“We appreciate Sophie so much. She’s the smile of this team. She’s always been so positive, and we love having her around, so this was just the best way to honor her.”
It’s amazed her parents, as well.
“Obviously the first couple of weeks of her illness were really difficult. And I think, one of the things she had said early was she was most upset about how upset I was. But when you think about it then as a 14-year-old, kind of how they view this, and their understanding of mortality — it’s just amazing,” Mark Varney said. “And I really, really don’t know — I’m just amazed all the time that my kids have adopted such a tremendous spirit. And I sometimes don’t know where it comes from.”
Finding a way to honor Sophie
After the interminable trips back and forth to treatment, a start to the season where she was able to play was a huge emotional lift for the freshman.
“She’s got a little bit of double vision. It comes and goes, but she focuses extremely well. She tells me she knows which one (to hit),” Mustangs coach Lisa Kiino said. “I’ve trusted her, and we’ve gone with it ever since the beginning. I told her ‘You’ve gotta be comfortable. Let’s both be comfortable with this.’ And not one time has she made me nervous or worried.”
For most of the season, she started on Portage Central’s junior varsity squad, playing shortstop and leading off.
"She’s playing really well. I guarantee you would not know she has a brain tumor, if you didn’t know,” Kim Varney said. “She’s been contributing. She’s a little force.”
On days like Tuesday, facing an opponent without a junior varsity team, Sophie was among those JV players called up to varsity as a substitute.
Tuesday’s game had a bit of a twist, though.
Central’s seniors got together, and wanted to figure out a way to honor their freshman teammate that had been so diligent in her efforts to help the program.
“Our seniors wanted to put something together for her, and because of the type of kid she is, we wanted to honor her, and not do some sort of charity event — even though those are fantastic. She’s been at every practice, she’s been at school every day. She has not missed one time. She has a great attitude, never complained about anything. So we wanted to celebrate her 2019 season,” Kiino said. “Actually, all of my starters, my seniors, offered their spots, because they wanted her to play at some point this season. We started talking about it a couple of weeks ago, and they put this together.”
The plan was for Kiino to announce between games of Tuesday’s doubleheader that Sophie would be getting her first varsity game action.
Keeping it a surprise wasn’t easy.
“It was a little tricky. She was asking questions all week long, like ‘Why is the JV coming? What’s going on?’” Cottrell said. “But we’re glad we kept it a secret, and she was surprised.”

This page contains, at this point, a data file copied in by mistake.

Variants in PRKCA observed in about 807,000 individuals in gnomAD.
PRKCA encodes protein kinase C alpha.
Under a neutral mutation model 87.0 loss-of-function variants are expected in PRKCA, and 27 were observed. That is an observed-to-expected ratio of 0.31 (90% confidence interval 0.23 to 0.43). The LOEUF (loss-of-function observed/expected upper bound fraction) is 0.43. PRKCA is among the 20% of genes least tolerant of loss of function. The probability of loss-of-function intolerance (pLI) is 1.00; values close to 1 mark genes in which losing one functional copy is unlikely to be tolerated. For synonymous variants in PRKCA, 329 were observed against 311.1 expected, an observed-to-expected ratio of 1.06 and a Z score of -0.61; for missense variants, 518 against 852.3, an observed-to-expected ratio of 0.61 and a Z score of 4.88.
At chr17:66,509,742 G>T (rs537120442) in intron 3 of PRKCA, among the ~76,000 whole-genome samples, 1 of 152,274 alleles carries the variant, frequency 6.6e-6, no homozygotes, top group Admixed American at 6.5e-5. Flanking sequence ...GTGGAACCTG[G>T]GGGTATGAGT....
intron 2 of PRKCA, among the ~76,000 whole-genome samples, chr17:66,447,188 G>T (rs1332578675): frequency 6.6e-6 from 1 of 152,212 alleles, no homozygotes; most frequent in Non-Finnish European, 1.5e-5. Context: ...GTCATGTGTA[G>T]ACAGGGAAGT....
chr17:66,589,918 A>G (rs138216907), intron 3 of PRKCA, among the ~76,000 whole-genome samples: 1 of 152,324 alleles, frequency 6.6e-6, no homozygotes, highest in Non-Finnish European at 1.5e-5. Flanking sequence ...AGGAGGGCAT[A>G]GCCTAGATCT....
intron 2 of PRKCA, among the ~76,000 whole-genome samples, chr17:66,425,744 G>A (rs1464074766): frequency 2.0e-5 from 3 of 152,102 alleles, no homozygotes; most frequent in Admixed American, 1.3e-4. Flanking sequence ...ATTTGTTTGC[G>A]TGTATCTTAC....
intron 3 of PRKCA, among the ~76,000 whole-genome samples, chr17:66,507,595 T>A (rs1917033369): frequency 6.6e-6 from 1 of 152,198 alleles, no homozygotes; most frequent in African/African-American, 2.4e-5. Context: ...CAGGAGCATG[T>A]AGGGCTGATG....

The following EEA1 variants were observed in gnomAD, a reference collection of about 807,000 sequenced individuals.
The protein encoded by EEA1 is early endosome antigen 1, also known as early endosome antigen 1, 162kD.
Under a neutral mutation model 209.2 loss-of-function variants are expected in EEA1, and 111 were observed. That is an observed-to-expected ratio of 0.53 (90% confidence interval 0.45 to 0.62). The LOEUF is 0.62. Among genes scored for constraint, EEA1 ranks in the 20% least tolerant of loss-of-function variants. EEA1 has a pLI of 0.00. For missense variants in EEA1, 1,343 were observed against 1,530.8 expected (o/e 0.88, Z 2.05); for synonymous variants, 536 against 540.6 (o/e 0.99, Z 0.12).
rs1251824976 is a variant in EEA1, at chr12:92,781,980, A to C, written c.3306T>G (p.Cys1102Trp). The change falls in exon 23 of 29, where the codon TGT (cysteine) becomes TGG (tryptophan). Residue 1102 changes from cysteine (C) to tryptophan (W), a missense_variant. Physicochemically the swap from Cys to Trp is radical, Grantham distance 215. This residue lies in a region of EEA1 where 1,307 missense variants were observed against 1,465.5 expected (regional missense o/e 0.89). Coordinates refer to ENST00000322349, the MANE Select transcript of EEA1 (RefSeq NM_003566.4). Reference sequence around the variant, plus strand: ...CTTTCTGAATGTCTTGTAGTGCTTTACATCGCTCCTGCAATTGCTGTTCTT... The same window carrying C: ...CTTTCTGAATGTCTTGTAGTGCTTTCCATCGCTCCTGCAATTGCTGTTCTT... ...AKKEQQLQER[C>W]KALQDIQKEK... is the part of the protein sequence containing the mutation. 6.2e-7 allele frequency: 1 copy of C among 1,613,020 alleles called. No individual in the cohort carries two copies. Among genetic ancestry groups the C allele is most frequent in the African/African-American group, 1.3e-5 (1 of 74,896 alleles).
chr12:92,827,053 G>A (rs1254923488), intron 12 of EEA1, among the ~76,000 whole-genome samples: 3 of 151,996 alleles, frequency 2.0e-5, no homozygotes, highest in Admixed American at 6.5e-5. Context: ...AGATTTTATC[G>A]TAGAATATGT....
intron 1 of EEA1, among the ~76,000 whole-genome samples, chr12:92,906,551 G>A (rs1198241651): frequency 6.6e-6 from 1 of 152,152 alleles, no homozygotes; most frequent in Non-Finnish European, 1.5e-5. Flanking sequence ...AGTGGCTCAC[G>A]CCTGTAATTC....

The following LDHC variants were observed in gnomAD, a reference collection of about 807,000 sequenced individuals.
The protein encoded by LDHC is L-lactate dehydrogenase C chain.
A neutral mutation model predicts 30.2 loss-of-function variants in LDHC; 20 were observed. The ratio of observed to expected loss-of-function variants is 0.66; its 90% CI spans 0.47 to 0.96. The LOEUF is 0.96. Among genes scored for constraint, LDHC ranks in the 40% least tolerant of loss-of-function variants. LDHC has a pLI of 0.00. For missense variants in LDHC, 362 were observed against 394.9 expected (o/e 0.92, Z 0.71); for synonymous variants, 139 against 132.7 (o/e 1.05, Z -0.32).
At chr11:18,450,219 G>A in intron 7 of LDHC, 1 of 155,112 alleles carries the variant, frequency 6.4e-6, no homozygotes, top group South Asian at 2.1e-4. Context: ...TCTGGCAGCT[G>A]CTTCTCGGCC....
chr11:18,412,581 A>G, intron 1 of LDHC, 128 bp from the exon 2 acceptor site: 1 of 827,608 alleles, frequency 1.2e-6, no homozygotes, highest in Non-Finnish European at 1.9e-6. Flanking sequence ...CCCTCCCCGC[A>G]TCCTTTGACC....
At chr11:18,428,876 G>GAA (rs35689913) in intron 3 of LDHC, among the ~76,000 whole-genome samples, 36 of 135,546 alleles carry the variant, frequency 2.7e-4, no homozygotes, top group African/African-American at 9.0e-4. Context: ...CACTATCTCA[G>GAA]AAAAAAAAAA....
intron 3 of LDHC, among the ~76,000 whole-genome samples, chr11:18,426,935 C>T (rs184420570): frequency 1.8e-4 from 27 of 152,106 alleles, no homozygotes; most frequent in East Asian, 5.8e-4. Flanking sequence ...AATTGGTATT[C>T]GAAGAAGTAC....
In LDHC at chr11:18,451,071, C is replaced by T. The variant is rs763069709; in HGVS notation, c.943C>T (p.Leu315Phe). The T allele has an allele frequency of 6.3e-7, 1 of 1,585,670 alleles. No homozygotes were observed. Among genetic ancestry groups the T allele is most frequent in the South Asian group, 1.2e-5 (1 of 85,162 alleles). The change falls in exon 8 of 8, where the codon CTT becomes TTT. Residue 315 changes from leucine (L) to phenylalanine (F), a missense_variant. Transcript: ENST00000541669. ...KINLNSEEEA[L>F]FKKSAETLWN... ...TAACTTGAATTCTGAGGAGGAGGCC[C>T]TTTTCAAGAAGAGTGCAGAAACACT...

Sophie didn’t know until the lineup was announced that she was starting, batting eighth, and playing in right field.
“I had no clue any of this was going to happen,” she said pregame. “I’m a little nervous, but I’m ready. Gotta be ready, right?”
First-pitch swinging, she laced a single to right field to help start the Mustangs’ seven-run second inning, eventually scoring on a wild pitch. Her second time up in the inning, she made it all the way to third on a three-base error. She walked in her third plate appearance, and scored all the way from second on a dropped pop-up on the infield with two outs.
Grateful for the support
As part of the ceremony between games, the Varney family — Sophie and her parents — went out to the pitcher’s circle, as the public address announcer explained the import of the game.
“What do you say? It’s been a whirlwind in the last six months, of course. There have been great sunny days, like today, and some pretty dark days. Really, I guess it was nice when we got out there in the sun, with Sophie and her mother, that we could kind of celebrate her success so far in her treatment,” Mark Varney said. “She’s doing well, and she’s healthy — that’s what I was thinking about most of the time on the pitcher’s mound, what a blessing it is that she’s healthy right now, and she can play. She’s been a competitive softball player for many years, and for one, to make the varsity team as a freshman is a big deal, and for her to have a hit, and some good contact, and some smart softball out there was really nice to see.”
The extent of that support certainly hasn’t been limited to just Tuesday’s event.
It’s been ongoing throughout.
Sophie will be taking a cruise this summer with her mom and brothers, thanks to Make A Wish Foundation, and her aunt, Gwen Thompson, set up a GoFund Me to raise $7,500 to send Sophie and her dad on a trip out west to see Mt. Rushmore, Yellowstone Park and the Grand Canyon. It blew past that mark, raising $8,700.
“It’s been incredible. When it first kind of started coming up, we were kind of struggling with that, kind of organizing this, as a family of divorced parents, and how we were going to do that. What really came through strong, especially for me, recognizing and understanding how people give in different ways,” Mark Varney said. “People know how to give in the way they know how to give. And for some people, that’s a spaghetti dinner they bring over some night, for some people that’s a gift card, or that was offering to drive over to Ann Arbor with us when we were going over there. For some people, that was to support our family’s journey through this. That’s what I’ve appreciated, just the sense that people give in their own family’s tradition. We just honor and accept that as it comes.”
It’s been humbling for Sophie, too, to see the support coming from everywhere.
“The community has shown a bunch of support — like people I don’t even know have showed support, and I just think that’s amazing,” she said.
Asked what she would want people to remember from the event to honor her, she thought about it for a minute.
“I just want people to remember how supportive everyone is, how great it is to have all these people here,” she said.
[EDITOR'S NOTE: Highlights and interviews from Tuesday's game will appear on the State Champs! High School Sports Showat 9 a.m. Sunday on Fox Sports Detroit.]